Mouin Abdallah, MD: It is something serious to have microvascular disease and thickened heart. We recommend a healthy life style including weight loss, regular exercise and healthy sleep patterns. Worrying about your disease would not make it better however taking action and living a healthy lifestyle is what makes your life better.
josephcsom: I was diagnosed with LBBB 30 months ago not knowing at the time I had HF. My ejection rate is in the 30/35% range from that time to now. I am on Lisinopril 40mg & Metoprolol 200mg with no appreciative change in my condition? I have no other problems related to my heart or other organs, no Afib, nor diabetes, no HB etc. I live life normally and although retired, age 73, continue to maintain my home and property etc .I would like to see some improvement in my ejection rate however my Cardiologist seems to be hooked on the above meds. Can you suggest what other meds might improve my condition? I once mentioned Entresto but he did not think it would be of any benefit. He originally suggested an ICD, however I said no as I feel it is completely unnecessary at this time. I'm not trying to play doctor but I know how I feel and want to see some progress, not passive treatment waiting for the other shoe to drop. Your thoughts are be greatly appreciated. Thank you, Joseph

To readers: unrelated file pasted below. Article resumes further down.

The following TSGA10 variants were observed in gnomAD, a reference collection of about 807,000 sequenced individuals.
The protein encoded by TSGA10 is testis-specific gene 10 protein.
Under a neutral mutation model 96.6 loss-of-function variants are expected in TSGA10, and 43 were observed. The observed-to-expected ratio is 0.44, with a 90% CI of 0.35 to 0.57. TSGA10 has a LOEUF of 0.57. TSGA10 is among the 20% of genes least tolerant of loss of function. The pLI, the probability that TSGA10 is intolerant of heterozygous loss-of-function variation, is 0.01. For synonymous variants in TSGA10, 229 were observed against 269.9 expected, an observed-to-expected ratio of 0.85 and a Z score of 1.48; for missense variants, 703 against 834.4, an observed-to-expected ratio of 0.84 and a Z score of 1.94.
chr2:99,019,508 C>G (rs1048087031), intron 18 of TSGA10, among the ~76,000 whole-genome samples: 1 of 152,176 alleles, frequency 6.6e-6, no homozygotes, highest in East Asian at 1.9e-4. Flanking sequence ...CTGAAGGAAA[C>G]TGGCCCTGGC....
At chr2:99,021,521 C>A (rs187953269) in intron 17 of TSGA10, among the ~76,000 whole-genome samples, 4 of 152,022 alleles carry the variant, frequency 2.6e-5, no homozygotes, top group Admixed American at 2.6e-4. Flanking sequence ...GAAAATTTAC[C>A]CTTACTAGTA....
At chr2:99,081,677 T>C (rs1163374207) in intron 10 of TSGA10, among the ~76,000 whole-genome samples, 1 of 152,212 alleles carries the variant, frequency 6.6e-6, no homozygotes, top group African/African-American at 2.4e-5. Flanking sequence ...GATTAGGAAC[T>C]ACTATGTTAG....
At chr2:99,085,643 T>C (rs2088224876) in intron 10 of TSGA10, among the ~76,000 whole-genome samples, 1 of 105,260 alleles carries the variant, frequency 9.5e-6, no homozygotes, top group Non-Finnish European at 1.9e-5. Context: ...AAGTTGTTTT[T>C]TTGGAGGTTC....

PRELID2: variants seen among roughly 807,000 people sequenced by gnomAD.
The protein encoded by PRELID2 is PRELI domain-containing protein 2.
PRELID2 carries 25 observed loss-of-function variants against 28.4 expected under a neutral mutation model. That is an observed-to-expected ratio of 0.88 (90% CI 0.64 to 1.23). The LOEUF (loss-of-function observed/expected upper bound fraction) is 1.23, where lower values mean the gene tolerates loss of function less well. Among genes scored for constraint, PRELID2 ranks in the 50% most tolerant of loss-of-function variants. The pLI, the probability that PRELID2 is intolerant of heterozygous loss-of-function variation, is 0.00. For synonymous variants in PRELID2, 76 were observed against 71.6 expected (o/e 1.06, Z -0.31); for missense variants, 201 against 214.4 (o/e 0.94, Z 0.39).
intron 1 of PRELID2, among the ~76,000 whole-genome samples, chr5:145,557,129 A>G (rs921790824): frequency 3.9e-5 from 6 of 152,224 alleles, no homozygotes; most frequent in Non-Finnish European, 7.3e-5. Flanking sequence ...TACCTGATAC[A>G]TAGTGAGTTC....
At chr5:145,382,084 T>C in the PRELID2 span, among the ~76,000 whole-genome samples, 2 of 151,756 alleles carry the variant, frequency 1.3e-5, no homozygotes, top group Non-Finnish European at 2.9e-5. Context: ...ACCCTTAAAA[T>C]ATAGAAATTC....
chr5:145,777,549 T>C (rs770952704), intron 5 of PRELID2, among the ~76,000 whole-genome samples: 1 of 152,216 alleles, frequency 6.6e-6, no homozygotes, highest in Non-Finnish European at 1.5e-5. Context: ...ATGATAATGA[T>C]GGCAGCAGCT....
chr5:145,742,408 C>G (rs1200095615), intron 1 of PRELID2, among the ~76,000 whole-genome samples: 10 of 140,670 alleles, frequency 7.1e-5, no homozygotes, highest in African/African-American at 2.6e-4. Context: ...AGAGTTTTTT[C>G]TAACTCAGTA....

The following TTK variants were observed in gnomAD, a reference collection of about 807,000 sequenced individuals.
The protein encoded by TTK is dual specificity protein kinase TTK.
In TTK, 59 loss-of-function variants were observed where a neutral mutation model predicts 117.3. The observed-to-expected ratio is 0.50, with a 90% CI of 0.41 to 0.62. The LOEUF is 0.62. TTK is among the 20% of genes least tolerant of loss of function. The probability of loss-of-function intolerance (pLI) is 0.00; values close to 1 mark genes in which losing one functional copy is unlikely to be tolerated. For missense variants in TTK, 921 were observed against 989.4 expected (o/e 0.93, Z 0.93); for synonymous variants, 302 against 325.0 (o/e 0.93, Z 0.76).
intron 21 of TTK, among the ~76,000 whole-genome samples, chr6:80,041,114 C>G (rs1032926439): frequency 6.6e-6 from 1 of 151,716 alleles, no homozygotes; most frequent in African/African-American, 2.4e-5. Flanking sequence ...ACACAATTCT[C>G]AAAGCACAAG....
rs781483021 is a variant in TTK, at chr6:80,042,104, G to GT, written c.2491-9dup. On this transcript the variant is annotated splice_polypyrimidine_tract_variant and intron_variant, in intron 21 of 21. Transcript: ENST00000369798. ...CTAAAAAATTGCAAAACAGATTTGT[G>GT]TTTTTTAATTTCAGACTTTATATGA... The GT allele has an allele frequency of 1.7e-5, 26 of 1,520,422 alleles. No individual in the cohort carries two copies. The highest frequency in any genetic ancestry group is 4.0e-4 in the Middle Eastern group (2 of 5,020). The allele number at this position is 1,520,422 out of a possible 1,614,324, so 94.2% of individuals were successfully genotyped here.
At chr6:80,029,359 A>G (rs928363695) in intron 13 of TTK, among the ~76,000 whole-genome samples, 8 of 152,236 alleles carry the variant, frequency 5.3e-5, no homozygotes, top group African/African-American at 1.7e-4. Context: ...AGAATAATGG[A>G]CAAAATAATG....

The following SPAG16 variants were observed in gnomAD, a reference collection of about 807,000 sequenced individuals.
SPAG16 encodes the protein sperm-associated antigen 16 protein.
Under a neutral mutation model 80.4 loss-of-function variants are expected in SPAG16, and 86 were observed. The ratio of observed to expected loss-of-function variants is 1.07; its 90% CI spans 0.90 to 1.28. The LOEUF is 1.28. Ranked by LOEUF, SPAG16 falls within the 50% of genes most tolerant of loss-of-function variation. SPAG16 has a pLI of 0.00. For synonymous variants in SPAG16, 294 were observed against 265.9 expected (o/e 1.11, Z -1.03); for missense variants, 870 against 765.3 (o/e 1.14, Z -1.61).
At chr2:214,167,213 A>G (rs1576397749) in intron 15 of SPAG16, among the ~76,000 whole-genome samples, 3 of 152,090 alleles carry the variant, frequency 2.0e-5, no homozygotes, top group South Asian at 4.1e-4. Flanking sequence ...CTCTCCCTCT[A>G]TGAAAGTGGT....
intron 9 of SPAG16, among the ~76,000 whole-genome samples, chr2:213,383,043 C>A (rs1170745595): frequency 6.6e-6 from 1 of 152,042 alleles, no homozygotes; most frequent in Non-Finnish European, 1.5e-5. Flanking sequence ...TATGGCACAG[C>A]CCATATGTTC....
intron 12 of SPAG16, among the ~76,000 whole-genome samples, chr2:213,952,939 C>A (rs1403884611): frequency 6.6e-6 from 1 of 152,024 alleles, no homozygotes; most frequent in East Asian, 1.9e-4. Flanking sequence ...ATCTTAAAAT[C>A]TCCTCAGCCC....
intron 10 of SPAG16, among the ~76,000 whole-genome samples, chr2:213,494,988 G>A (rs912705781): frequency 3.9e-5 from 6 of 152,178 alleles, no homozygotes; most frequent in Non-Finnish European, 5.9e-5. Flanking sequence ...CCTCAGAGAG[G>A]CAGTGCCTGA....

Mouin Abdallah, MD: Mr Joseph, there are additional medications that might help your EF improve. Also in your case you might benefit from cardiac resynchronization therapy, i.e. we implant a pacemaker/defibrillator that improves that heart function. This is important in your case since you have LBBB. I recommend consultation with an EP specialist and CHF specialist.
Diva/Lexi: What are the best things people can do to improve heart failure?
Benico Barzilai, MD: 1) Make sure you are seeing a cardiologist with expertise in congestive heart failure.
2) Take your medicine as directed.
3) A low salt cardiac diet should be followed.
4) Exercise regularly. I recommend participation in a cardiac rehabilitation program if feasible. Patients who undergo cardiac rehab have a much better long term prognosis.